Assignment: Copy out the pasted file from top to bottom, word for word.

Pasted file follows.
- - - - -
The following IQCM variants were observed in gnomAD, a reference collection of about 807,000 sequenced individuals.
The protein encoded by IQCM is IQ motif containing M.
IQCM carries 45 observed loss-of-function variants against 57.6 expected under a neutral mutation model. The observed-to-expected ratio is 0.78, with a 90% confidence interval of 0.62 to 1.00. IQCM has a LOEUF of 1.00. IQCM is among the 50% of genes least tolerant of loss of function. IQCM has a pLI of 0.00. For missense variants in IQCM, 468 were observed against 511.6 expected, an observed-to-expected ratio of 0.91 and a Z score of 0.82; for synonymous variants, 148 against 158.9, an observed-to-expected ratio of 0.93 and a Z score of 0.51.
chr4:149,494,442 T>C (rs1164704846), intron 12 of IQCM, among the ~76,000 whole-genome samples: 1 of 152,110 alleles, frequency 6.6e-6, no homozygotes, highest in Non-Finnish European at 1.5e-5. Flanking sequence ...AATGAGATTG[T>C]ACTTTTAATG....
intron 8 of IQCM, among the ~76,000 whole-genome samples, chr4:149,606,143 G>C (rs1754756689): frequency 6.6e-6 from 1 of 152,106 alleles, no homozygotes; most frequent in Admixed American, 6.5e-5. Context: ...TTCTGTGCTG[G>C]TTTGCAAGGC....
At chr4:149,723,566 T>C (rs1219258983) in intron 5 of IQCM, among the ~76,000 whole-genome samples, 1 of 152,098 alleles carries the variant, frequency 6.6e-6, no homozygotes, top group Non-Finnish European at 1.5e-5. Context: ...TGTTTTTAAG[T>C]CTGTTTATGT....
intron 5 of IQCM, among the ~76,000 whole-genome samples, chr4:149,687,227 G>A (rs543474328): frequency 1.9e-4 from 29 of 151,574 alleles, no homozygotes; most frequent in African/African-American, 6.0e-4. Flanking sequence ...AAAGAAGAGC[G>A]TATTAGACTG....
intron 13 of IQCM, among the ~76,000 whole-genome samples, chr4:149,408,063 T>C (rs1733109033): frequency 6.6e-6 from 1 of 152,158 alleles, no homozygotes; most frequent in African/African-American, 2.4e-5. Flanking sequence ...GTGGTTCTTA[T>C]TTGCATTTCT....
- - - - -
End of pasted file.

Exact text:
The following IQCM variants were observed in gnomAD, a reference collection of about 807,000 sequenced individuals.
The protein encoded by IQCM is IQ motif containing M.
IQCM carries 45 observed loss-of-function variants against 57.6 expected under a neutral mutation model. The observed-to-expected ratio is 0.78, with a 90% confidence interval of 0.62 to 1.00. IQCM has a LOEUF of 1.00. IQCM is among the 50% of genes least tolerant of loss of function. IQCM has a pLI of 0.00. For missense variants in IQCM, 468 were observed against 511.6 expected, an observed-to-expected ratio of 0.91 and a Z score of 0.82; for synonymous variants, 148 against 158.9, an observed-to-expected ratio of 0.93 and a Z score of 0.51.
chr4:149,494,442 T>C (rs1164704846), intron 12 of IQCM, among the ~76,000 whole-genome samples: 1 of 152,110 alleles, frequency 6.6e-6, no homozygotes, highest in Non-Finnish European at 1.5e-5. Flanking sequence ...AATGAGATTG[T>C]ACTTTTAATG....
intron 8 of IQCM, among the ~76,000 whole-genome samples, chr4:149,606,143 G>C (rs1754756689): frequency 6.6e-6 from 1 of 152,106 alleles, no homozygotes; most frequent in Admixed American, 6.5e-5. Context: ...TTCTGTGCTG[G>C]TTTGCAAGGC....
At chr4:149,723,566 T>C (rs1219258983) in intron 5 of IQCM, among the ~76,000 whole-genome samples, 1 of 152,098 alleles carries the variant, frequency 6.6e-6, no homozygotes, top group Non-Finnish European at 1.5e-5. Context: ...TGTTTTTAAG[T>C]CTGTTTATGT....
intron 5 of IQCM, among the ~76,000 whole-genome samples, chr4:149,687,227 G>A (rs543474328): frequency 1.9e-4 from 29 of 151,574 alleles, no homozygotes; most frequent in African/African-American, 6.0e-4. Flanking sequence ...AAAGAAGAGC[G>A]TATTAGACTG....
intron 13 of IQCM, among the ~76,000 whole-genome samples, chr4:149,408,063 T>C (rs1733109033): frequency 6.6e-6 from 1 of 152,158 alleles, no homozygotes; most frequent in African/African-American, 2.4e-5. Flanking sequence ...GTGGTTCTTA[T>C]TTGCATTTCT....